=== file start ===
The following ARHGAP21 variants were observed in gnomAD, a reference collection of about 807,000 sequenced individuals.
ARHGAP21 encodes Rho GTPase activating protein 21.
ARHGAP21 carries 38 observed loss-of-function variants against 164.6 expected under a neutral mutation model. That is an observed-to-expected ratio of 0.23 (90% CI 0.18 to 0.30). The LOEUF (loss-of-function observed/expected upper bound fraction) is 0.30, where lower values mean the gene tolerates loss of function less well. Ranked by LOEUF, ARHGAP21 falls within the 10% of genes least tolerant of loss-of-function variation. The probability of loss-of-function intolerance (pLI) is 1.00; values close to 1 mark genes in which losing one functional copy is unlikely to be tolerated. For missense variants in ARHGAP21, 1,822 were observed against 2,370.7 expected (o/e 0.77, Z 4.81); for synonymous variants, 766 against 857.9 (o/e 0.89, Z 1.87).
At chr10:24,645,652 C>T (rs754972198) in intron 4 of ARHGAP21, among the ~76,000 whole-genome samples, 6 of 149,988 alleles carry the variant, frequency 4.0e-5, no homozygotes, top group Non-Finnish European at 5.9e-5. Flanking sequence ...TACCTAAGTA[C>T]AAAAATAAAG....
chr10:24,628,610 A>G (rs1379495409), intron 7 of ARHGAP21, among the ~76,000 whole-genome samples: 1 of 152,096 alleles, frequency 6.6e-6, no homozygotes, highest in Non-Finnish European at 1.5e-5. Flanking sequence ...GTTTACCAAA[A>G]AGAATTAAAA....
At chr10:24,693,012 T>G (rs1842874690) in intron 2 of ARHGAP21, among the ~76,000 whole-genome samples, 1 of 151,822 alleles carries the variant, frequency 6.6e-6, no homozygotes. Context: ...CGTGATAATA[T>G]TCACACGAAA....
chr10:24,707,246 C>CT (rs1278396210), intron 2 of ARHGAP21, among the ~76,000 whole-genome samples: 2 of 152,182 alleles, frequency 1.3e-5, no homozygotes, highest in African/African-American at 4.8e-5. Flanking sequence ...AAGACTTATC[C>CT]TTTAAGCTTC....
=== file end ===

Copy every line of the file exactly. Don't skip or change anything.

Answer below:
The following ARHGAP21 variants were observed in gnomAD, a reference collection of about 807,000 sequenced individuals.
ARHGAP21 encodes Rho GTPase activating protein 21.
ARHGAP21 carries 38 observed loss-of-function variants against 164.6 expected under a neutral mutation model. That is an observed-to-expected ratio of 0.23 (90% CI 0.18 to 0.30). The LOEUF (loss-of-function observed/expected upper bound fraction) is 0.30, where lower values mean the gene tolerates loss of function less well. Ranked by LOEUF, ARHGAP21 falls within the 10% of genes least tolerant of loss-of-function variation. The probability of loss-of-function intolerance (pLI) is 1.00; values close to 1 mark genes in which losing one functional copy is unlikely to be tolerated. For missense variants in ARHGAP21, 1,822 were observed against 2,370.7 expected (o/e 0.77, Z 4.81); for synonymous variants, 766 against 857.9 (o/e 0.89, Z 1.87).
At chr10:24,645,652 C>T (rs754972198) in intron 4 of ARHGAP21, among the ~76,000 whole-genome samples, 6 of 149,988 alleles carry the variant, frequency 4.0e-5, no homozygotes, top group Non-Finnish European at 5.9e-5. Flanking sequence ...TACCTAAGTA[C>T]AAAAATAAAG....
chr10:24,628,610 A>G (rs1379495409), intron 7 of ARHGAP21, among the ~76,000 whole-genome samples: 1 of 152,096 alleles, frequency 6.6e-6, no homozygotes, highest in Non-Finnish European at 1.5e-5. Flanking sequence ...GTTTACCAAA[A>G]AGAATTAAAA....
At chr10:24,693,012 T>G (rs1842874690) in intron 2 of ARHGAP21, among the ~76,000 whole-genome samples, 1 of 151,822 alleles carries the variant, frequency 6.6e-6, no homozygotes. Context: ...CGTGATAATA[T>G]TCACACGAAA....
chr10:24,707,246 C>CT (rs1278396210), intron 2 of ARHGAP21, among the ~76,000 whole-genome samples: 2 of 152,182 alleles, frequency 1.3e-5, no homozygotes, highest in African/African-American at 4.8e-5. Flanking sequence ...AAGACTTATC[C>CT]TTTAAGCTTC....